The supply crunch probably will get worse during the upcoming spring buying season, economists say, because demand typically rises by more than supply during that time.
“Relative to the number of households, the number of homes for sale is well through prior historic lows,” said Ted Wieseman, an economist at Morgan Stanley. “The level of inventories could be a much bigger challenge moving into much higher sales in the spring and summer.”
That, combined with higher mortgage rates, soon could restrain sales.
The bulk of the stronger buying is occurring among higher-priced properties, the Realtors group said. Sales among homes and condominiums priced at $100,000 and below fell nearly 10% in January compared with a year earlier. They rose slightly in the $100,000 to $250,000 bracket and jumped roughly 20% in homes priced at higher levels.
Last year, low mortgage rates helped offset rising home prices. Now, both are rising.
Mortgage rates have climbed since November’s presidential election. Investors are anticipating that tax cuts, deregulation and infrastructure spending will accelerate growth and push up inflation. That has caused investors to cut back on their bond holdings, pushing up yields.
The average rate for a 30-year fixed mortgage was 4.15% last week, according to mortgage buyer Freddie Mac. Although that has slipped since earlier this month, it is much higher than last year’s average rate of 3.65%.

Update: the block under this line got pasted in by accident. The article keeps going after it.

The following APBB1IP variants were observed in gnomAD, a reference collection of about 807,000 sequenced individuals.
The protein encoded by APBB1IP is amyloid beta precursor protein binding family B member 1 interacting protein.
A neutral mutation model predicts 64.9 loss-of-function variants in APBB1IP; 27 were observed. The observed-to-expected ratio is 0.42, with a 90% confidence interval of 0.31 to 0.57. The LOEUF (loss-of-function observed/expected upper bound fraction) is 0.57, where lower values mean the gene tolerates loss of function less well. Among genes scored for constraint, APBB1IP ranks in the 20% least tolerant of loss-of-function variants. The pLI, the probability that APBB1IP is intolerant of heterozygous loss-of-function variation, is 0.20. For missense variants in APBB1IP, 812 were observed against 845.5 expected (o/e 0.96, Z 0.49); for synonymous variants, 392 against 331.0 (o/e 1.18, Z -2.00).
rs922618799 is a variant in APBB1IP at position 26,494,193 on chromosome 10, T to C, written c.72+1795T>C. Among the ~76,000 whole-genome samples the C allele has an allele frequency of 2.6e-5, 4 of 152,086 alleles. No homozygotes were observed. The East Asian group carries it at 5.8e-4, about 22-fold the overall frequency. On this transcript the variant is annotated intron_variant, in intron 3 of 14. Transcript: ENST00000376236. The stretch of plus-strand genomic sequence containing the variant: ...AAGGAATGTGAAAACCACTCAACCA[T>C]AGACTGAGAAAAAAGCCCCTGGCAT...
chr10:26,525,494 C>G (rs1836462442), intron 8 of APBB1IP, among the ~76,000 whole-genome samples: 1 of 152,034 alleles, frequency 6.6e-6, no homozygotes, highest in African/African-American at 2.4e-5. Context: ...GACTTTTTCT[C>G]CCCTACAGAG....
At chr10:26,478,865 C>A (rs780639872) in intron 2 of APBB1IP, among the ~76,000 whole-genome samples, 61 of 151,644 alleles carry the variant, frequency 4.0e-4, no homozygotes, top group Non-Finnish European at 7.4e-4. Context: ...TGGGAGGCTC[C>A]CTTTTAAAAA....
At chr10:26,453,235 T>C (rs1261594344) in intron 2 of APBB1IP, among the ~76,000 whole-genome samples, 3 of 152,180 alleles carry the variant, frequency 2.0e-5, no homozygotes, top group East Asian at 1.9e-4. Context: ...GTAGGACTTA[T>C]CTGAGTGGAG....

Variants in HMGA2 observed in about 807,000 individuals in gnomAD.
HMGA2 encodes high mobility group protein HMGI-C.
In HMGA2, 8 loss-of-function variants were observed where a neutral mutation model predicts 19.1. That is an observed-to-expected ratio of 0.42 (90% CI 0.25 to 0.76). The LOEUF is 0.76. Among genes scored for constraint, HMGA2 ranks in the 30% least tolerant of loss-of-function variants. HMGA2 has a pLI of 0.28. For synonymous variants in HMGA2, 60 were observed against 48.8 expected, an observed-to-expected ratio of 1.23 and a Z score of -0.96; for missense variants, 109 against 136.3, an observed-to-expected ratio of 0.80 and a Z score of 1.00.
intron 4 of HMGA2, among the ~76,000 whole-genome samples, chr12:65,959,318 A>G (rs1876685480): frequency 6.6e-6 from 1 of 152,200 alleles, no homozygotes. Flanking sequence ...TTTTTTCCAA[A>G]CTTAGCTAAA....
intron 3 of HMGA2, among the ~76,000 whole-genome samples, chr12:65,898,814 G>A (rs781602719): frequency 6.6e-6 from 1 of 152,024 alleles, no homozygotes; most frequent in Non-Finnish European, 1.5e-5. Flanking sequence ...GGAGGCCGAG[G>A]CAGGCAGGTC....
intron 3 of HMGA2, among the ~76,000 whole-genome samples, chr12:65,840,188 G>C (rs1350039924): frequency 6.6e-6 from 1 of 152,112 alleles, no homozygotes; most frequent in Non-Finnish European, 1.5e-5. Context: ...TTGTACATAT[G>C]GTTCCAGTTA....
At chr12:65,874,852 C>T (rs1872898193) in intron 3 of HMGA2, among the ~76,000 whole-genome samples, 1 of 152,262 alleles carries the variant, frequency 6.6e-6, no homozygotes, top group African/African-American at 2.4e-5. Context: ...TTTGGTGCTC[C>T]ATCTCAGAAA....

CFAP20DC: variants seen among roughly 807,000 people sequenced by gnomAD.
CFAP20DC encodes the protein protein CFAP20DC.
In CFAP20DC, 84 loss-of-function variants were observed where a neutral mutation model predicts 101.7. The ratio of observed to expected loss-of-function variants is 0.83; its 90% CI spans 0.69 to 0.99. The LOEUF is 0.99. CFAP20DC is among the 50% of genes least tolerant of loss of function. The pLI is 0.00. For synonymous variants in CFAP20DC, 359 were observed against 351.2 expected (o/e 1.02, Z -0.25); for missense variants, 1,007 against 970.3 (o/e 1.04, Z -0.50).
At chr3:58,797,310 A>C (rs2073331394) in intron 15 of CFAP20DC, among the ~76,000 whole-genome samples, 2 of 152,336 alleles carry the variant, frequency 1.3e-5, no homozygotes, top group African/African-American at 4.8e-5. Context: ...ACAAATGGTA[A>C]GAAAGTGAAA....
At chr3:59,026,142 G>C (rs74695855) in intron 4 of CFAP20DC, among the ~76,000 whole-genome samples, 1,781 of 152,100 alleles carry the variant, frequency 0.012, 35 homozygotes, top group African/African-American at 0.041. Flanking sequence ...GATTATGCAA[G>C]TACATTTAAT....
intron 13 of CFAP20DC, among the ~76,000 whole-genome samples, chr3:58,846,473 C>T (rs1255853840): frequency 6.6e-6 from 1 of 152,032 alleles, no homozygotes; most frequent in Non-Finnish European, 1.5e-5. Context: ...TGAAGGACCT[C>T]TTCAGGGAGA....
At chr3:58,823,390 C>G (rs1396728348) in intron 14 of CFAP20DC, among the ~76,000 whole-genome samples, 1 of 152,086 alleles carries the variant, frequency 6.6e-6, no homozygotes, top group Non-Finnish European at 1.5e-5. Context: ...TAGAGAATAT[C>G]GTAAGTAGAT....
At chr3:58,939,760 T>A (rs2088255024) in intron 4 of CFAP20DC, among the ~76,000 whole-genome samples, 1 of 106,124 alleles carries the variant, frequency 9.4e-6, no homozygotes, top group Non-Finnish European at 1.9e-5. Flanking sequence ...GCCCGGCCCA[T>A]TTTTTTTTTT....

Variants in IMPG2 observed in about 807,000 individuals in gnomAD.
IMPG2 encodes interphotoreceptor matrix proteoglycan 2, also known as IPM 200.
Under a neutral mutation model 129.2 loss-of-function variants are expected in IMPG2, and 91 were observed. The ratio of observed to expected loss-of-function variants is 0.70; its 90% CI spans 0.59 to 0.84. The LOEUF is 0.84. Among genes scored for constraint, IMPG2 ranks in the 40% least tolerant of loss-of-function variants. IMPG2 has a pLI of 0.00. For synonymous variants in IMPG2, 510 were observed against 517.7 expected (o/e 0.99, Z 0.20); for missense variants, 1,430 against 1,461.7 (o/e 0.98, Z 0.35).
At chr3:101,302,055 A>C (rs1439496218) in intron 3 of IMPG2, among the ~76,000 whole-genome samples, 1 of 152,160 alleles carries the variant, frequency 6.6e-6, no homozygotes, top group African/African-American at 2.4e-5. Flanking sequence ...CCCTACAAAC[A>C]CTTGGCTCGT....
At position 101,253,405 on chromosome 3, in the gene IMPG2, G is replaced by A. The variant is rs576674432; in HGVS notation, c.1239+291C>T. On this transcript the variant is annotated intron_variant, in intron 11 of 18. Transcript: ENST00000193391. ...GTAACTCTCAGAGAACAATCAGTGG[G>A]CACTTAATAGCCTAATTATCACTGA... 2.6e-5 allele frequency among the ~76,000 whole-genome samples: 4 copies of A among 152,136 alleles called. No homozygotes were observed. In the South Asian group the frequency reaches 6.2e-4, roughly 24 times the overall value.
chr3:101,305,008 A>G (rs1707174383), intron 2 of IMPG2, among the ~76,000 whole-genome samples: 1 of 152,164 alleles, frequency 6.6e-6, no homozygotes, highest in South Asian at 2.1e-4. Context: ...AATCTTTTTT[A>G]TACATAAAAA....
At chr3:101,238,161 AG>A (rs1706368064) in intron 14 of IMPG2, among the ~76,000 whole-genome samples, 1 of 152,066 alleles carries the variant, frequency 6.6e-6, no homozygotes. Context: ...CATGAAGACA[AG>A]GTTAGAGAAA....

By some measures, the housing market has fully recovered from the bust that began in 2006. Yet its newfound health is creating another set of challenges.
In high-demand areas, mostly on the West Coast, homes are being bought after less than a month on the market, according to real estate brokerage Redfin.
Denver was the fastest market last month, Redfin found, with purchase contracts signed just 23 days after listing for a typical home — far faster than the 43 days that was typical a year earlier. Seattle was the second-fastest, with 26 days on the market, followed by Oakland, at 27 days.
The strength in sales should lift growth, as new homeowners buy furniture and appliances and spend more on landscaping and outdoor equipment. Home sales also tend to spur renovations, which helps to update aging properties and generates additional construction work for the broader economy.